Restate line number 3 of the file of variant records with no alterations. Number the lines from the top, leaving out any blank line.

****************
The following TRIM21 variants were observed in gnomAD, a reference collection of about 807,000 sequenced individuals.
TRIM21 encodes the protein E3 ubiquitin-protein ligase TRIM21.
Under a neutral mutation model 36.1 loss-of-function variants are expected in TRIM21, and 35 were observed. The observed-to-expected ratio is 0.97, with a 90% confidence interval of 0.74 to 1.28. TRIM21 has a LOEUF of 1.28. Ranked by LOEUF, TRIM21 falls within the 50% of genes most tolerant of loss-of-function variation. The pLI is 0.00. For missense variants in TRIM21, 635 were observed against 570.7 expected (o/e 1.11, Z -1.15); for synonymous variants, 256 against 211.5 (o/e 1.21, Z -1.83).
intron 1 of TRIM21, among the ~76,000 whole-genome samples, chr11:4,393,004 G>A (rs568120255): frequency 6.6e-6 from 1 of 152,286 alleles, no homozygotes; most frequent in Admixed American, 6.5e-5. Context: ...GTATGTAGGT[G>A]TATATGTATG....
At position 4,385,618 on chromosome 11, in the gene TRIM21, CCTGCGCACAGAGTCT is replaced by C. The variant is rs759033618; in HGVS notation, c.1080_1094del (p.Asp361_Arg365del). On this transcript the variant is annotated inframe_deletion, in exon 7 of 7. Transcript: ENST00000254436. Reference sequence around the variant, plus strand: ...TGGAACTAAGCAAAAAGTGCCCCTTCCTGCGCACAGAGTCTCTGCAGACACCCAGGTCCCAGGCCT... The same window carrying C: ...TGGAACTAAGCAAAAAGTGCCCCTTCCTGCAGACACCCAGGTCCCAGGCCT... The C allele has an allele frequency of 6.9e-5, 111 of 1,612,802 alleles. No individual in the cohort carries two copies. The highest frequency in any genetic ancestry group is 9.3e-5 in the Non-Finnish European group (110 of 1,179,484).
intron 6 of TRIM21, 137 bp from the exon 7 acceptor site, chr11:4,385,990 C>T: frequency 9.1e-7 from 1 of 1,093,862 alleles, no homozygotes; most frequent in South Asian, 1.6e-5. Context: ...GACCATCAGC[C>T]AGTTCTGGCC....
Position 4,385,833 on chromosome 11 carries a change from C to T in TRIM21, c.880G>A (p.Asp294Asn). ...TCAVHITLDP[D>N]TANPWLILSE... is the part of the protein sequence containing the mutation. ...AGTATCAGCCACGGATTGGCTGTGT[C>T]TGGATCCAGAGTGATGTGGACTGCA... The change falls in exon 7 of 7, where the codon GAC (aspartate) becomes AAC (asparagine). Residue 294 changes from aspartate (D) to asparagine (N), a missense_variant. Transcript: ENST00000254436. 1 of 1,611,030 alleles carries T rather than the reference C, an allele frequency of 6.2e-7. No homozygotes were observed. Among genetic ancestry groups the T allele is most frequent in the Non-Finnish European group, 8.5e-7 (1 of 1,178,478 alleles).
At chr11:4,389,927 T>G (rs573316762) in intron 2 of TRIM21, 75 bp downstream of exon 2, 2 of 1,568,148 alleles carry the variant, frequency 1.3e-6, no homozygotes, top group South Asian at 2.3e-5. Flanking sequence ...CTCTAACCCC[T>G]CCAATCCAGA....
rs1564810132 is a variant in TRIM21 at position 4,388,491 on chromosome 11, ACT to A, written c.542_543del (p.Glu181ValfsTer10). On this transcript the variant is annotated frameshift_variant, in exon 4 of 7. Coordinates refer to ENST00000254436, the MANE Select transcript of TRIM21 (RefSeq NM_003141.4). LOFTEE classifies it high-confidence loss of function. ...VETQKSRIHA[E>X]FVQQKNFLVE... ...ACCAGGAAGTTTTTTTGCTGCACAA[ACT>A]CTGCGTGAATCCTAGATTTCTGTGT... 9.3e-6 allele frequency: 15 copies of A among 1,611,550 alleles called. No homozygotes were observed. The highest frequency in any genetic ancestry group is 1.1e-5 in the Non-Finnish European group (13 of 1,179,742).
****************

Under a neutral mutation model 36.1 loss-of-function variants are expected in TRIM21, and 35 were observed. The observed-to-expected ratio is 0.97, with a 90% confidence interval of 0.74 to 1.28. TRIM21 has a LOEUF of 1.28. Ranked by LOEUF, TRIM21 falls within the 50% of genes most tolerant of loss-of-function variation. The pLI is 0.00. For missense variants in TRIM21, 635 were observed against 570.7 expected (o/e 1.11, Z -1.15); for synonymous variants, 256 against 211.5 (o/e 1.21, Z -1.83).